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Press Freedom

CALIFORNIA | LOCAL
July 19, 1988 | SALLY CHEW, Sally Chew is an associate of the New York-based Committee to Protect Journalists and the editor of its Backgrounder reports. and
Advocates of press freedom have been watching an alarming trend in Mexico. At least 24 Mexican journalists have been killed during the past six years, and no more than five assailants in these cases have been convicted. And last Friday a Mexican television cameraman, who had worked for Cable News Network, was shot and seriously wounded in Mexico City.
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NEWS
November 19, 1990 | DAVID G. SAVAGE and JOHN M. BRODER, TIMES STAFF WRITERS
In a decision that may signal new willingness to limit press freedom, the Supreme Court on Sunday refused to allow Cable News Network to broadcast government-recorded phone calls between deposed Panamanian dictator Manuel A. Noriega and his lawyers. The high court on a 7-2 vote let stand an order by a judge in Miami requiring CNN to turn over the tapes to him for his examination. The Supreme Court has never formally upheld an order barring the publication or broadcast of news and information.
WORLD
July 20, 2006 | Chris Kraul, Times Staff Writer
Blaming a "deliberate, strategic" campaign of harassment by the Venezuelan government against the nation's news media, the Inter-American Press Assn. said Wednesday that the climate of press freedom and free speech has "deteriorated sharply" in recent years. The statement came after a delegation headed by IAPA President Diana Daniels of the Washington Post visited the offices of the Correo del Caroni, a newspaper in Ciudad Guayana.
NEWS
March 25, 1993 | JOSH GETLIN, TIMES STAFF WRITER
It was 2:25 a.m. and a tense silence filled the Moscow News building in Pushkin Square. As she looked out the window, Yevgenia Albats saw Soviet tanks rumbling to a halt. Any second she expected armed soldiers to burst through the newsroom doors, arresting her and two other female reporters inside. There was still time to flee. But Albats had a better idea. "I went through my editor's desk and found a bottle of Armenian cognac," she says with a chuckle. "And we three women drank.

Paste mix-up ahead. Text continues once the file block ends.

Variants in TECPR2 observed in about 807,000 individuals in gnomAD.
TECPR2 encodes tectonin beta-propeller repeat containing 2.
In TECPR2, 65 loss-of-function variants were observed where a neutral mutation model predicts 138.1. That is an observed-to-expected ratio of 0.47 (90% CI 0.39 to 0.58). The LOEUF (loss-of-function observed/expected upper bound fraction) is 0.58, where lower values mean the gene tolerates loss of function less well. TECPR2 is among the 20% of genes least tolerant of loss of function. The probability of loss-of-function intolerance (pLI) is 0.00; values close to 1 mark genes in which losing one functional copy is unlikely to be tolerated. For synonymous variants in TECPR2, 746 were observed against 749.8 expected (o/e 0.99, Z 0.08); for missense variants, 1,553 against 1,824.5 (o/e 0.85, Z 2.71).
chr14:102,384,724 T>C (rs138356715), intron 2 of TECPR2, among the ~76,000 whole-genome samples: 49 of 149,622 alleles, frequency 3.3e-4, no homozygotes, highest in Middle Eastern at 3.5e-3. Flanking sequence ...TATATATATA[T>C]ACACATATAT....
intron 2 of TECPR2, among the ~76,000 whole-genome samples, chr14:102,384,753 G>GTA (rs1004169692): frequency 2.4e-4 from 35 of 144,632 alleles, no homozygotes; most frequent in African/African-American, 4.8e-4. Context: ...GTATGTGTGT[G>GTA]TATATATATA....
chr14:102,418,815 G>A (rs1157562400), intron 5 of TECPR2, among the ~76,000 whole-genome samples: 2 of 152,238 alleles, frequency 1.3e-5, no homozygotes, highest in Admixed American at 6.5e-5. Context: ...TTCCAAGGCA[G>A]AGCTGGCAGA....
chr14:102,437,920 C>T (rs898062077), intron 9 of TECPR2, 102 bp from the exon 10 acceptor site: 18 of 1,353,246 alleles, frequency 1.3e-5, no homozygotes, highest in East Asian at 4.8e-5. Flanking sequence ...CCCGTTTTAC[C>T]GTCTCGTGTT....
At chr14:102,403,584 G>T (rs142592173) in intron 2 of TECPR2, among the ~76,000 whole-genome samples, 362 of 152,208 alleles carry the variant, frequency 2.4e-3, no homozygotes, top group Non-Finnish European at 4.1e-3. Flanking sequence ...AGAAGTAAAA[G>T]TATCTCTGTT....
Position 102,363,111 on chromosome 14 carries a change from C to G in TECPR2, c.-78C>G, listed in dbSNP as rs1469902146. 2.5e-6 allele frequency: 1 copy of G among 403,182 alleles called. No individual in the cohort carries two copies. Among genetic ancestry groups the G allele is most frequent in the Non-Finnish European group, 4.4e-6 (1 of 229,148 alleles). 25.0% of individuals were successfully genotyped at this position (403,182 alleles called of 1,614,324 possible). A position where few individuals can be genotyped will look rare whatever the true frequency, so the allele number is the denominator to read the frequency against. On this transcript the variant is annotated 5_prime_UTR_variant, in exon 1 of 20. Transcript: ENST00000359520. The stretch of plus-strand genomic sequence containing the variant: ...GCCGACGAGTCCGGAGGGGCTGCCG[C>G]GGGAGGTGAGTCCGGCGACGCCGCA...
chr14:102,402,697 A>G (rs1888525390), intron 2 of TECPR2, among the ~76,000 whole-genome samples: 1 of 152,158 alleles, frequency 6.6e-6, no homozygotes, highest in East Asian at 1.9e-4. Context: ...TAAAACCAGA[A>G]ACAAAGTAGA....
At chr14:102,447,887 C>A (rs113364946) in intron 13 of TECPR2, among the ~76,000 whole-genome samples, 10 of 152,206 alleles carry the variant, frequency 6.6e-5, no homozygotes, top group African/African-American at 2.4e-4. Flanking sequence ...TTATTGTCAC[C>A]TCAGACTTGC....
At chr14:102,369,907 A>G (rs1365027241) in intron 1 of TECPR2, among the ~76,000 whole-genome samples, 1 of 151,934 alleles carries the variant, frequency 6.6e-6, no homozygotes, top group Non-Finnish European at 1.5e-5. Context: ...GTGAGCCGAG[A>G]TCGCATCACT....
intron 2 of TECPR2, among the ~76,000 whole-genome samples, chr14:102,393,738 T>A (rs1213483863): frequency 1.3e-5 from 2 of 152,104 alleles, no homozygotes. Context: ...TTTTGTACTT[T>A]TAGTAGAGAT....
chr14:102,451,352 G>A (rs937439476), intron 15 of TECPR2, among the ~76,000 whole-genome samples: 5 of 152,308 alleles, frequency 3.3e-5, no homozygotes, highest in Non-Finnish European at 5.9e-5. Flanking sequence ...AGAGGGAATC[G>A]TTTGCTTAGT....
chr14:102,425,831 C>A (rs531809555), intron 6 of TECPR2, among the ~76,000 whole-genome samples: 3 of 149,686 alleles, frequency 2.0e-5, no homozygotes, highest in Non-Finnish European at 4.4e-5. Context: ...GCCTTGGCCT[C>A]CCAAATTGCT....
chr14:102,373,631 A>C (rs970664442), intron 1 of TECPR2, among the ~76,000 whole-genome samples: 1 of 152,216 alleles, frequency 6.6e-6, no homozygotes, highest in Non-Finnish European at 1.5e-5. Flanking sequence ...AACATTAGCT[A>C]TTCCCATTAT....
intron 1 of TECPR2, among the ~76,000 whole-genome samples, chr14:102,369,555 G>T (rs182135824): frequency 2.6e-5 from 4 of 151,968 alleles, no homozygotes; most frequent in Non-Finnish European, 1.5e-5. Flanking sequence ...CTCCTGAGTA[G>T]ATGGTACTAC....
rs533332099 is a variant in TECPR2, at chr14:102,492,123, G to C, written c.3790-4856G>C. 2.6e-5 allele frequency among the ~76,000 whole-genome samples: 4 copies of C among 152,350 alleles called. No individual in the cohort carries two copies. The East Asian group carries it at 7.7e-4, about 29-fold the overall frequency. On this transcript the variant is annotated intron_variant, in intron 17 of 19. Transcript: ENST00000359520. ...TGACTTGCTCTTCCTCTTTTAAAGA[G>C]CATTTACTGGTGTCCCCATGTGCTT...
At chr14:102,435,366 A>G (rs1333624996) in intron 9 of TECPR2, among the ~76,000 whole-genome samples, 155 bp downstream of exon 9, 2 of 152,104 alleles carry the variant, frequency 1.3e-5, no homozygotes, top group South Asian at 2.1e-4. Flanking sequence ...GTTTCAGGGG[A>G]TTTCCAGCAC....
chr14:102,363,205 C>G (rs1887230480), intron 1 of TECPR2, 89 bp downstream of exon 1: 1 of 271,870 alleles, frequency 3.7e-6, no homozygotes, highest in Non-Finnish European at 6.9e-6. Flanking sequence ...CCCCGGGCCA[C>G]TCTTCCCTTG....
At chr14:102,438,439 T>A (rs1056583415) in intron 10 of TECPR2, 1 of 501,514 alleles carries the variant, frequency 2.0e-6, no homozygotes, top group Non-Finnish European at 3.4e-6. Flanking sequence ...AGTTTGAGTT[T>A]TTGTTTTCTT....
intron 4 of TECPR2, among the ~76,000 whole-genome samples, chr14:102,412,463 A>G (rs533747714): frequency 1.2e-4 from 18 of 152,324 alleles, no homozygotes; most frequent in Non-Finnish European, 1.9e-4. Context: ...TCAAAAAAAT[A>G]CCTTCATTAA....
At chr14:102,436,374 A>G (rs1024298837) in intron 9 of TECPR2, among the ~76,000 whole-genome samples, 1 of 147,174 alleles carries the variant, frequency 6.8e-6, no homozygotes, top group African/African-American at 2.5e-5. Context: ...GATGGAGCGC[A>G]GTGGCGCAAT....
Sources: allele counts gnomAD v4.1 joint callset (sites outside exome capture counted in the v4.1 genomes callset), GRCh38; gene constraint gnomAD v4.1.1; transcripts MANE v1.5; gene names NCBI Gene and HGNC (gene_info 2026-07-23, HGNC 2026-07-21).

WORLD
February 19, 2004 | Maura Reynolds, Times Staff Writer
By Bush administration standards, the president's words stung. Sitting beside Tunisia's strongman leader in the Oval Office on Wednesday, President Bush said he looked forward to discussing "the need to have a press corps that is vibrant and free, as well as an open political process." Although those words might sound mild, human rights advocates said they marked a watershed.
ENTERTAINMENT
September 16, 2012 | By Martin Rubin
After Mandela The Struggle for Freedom in Post-Apartheid South Africa Douglas Foster Liveright: 608 pp., $35 What a pleasant surprise to encounter a book that actually looks beyond the surface of South Africa's by now well-known story. We've read so many accounts of the miraculous transformation of the hideous apartheid state into the rainbow democracy and, in the nearly two decades since that happened, of the flies in the ointment that have marred the fairy tale.
NEWS
November 19, 1985 | United Press International
About 15,000 employees of 500 newspapers and periodicals went on a 24-hour strike Monday for higher pay and greater press freedom. The strike began after negotiations with the government broke down.
NEWS
October 11, 1994 | Times researcher Ann Griffith
Press freedom is limited by drug lords in Colombia, who threaten journalists and last year murdered five reporters; by Islamic codes in Saudi Arabia, where it is illegal to manufacture, import, sell or use satellite dishes; and by government decree in the United Kingdom, where the coverage of selected subjects and people is forbidden. A ban in Northern Ireland on broadcasting direct interviews with 11 organizations was ended last month.
NEWS
August 7, 1989 | From Times wire services
Chinese news organizations were told today to forget about press freedom and concentrate on "correct" Marxist ideas, signaling a further crackdown on liberal thinking. The People's Daily, the Communist Party newspaper, accused a "small group of thugs" of using the ideal of freedom of the press to confuse their readers, "cook up rumors and instigate attacks on the party and the people" during the May-June pro-democracy protests.
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